SAVANNAH, Ga. (WTOC) - Melanie Hauser was old enough to appreciate the first Liberty Mutual Legends of Golf 32 years ago. And young enough to question the concept of a tournament specifically for over-50 professionals presumed to be well past their primes.
"Most of them had been out of the game since 40 or 42 years old,'' said Hauser, who covered the first six Legends tournaments as lead golf writer for the Austin American Statesman in Texas. "There were a lot of questions in my mind. Who's going to come watch these guys? Is this going to be competitive in the least?''
Those answers came quickly and convincingly for Hauser in the Legends' early days, a time that provided one of the great surprises and satisfactions of her 35 years covering the golf.
"That was a time when 50 seemed old,'' said Hauser, who now works for pgatour.com. "And then you have a good first one and that six hole playoff (in the second year), that was just amazing golf no matter what age you are.
"And it just it took off from there. And we were going, gosh, these guys can still play. And the guys behind them are going, o.k., get out the clubs, let's go. And, you know, the Senior Tour was born.''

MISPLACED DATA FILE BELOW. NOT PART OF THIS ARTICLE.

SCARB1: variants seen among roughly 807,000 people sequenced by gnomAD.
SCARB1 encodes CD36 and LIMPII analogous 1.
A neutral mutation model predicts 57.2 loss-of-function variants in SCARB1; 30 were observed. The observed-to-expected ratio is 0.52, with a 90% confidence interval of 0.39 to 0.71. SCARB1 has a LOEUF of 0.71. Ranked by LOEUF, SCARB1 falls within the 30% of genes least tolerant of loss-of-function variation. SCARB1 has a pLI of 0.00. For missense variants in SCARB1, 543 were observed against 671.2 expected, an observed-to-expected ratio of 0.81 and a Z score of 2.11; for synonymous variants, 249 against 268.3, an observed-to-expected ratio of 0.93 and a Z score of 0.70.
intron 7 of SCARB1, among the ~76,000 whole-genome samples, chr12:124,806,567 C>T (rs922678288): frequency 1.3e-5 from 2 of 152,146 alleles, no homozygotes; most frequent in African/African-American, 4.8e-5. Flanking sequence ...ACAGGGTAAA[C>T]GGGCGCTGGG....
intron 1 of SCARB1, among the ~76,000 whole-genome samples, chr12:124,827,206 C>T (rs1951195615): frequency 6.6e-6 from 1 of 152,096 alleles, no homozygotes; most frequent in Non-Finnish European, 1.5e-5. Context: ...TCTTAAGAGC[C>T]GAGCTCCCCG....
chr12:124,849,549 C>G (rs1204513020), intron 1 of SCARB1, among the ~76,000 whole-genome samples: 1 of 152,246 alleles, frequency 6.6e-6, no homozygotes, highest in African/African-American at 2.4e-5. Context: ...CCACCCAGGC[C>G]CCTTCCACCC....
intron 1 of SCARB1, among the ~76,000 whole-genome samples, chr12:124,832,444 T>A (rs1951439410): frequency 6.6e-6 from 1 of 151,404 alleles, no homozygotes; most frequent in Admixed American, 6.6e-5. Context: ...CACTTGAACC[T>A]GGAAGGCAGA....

But, as was the case for fans in those early years, Hauser's enjoyment came as much from the camaraderie as the competition at the Legends, the personalities every bit as appealing as the play.
"Watching them come together as a group for the first time, tease each other, tell stories,'' she says. "You heard Sam Snead talking about putting side-saddle. And Plus-4s came back into vogue. And I remember sitting with Ken Venturi and him talking about having a stutter and hadn't really talked about it much.''
Those stories worked their way into Hauser's. And became the early momentum for the entire tour.
"Oh, it was fun,'' Hauser said. "I mean, they were telling them on each other and we're going, um, would you repeat that one. There was just a lot of things that happened when it caught on, everyone wanted to be 50 suddenly. And things like Bob Goalby lying about his age and he had to get his driver's license to be able to play in it.''
More than three decades later, Hauser is still covering golf. And still holding onto those memories of the legends earliest days in Austin.
"I don't know, it was nostalgia, but it turned into, gosh, these guys can still play,'' said Hauser, who took the job in Austin believing she would mostly be covering Texas locals Ben Crenshaw and Tom Kite but was soon surrounded by the game's biggest names. "Just to have that sense that you were there for the start of something. I don't know, I look back on it and go, yeah, i didn't really believe it was going to work. But once you got them together, you saw the golf actually being played, you were going, yeah this has a chance.''